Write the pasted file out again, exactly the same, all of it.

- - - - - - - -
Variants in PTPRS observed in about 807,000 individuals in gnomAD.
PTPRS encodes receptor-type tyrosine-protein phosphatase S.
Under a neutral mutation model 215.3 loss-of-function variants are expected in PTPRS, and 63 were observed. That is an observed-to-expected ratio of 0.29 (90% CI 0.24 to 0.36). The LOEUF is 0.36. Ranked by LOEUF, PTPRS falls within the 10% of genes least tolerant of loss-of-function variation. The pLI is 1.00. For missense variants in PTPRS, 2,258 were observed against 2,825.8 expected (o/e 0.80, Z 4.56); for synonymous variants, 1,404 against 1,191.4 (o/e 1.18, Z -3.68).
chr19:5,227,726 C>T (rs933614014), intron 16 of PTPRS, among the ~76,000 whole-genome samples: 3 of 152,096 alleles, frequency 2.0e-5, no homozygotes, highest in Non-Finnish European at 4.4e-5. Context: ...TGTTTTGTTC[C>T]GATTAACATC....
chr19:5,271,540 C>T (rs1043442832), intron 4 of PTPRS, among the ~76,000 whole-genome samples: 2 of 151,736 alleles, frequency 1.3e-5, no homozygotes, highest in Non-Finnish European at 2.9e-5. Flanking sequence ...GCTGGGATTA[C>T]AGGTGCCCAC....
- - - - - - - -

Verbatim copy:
Variants in PTPRS observed in about 807,000 individuals in gnomAD.
PTPRS encodes receptor-type tyrosine-protein phosphatase S.
Under a neutral mutation model 215.3 loss-of-function variants are expected in PTPRS, and 63 were observed. That is an observed-to-expected ratio of 0.29 (90% CI 0.24 to 0.36). The LOEUF is 0.36. Ranked by LOEUF, PTPRS falls within the 10% of genes least tolerant of loss-of-function variation. The pLI is 1.00. For missense variants in PTPRS, 2,258 were observed against 2,825.8 expected (o/e 0.80, Z 4.56); for synonymous variants, 1,404 against 1,191.4 (o/e 1.18, Z -3.68).
chr19:5,227,726 C>T (rs933614014), intron 16 of PTPRS, among the ~76,000 whole-genome samples: 3 of 152,096 alleles, frequency 2.0e-5, no homozygotes, highest in Non-Finnish European at 4.4e-5. Context: ...TGTTTTGTTC[C>T]GATTAACATC....
chr19:5,271,540 C>T (rs1043442832), intron 4 of PTPRS, among the ~76,000 whole-genome samples: 2 of 151,736 alleles, frequency 1.3e-5, no homozygotes, highest in Non-Finnish European at 2.9e-5. Flanking sequence ...GCTGGGATTA[C>T]AGGTGCCCAC....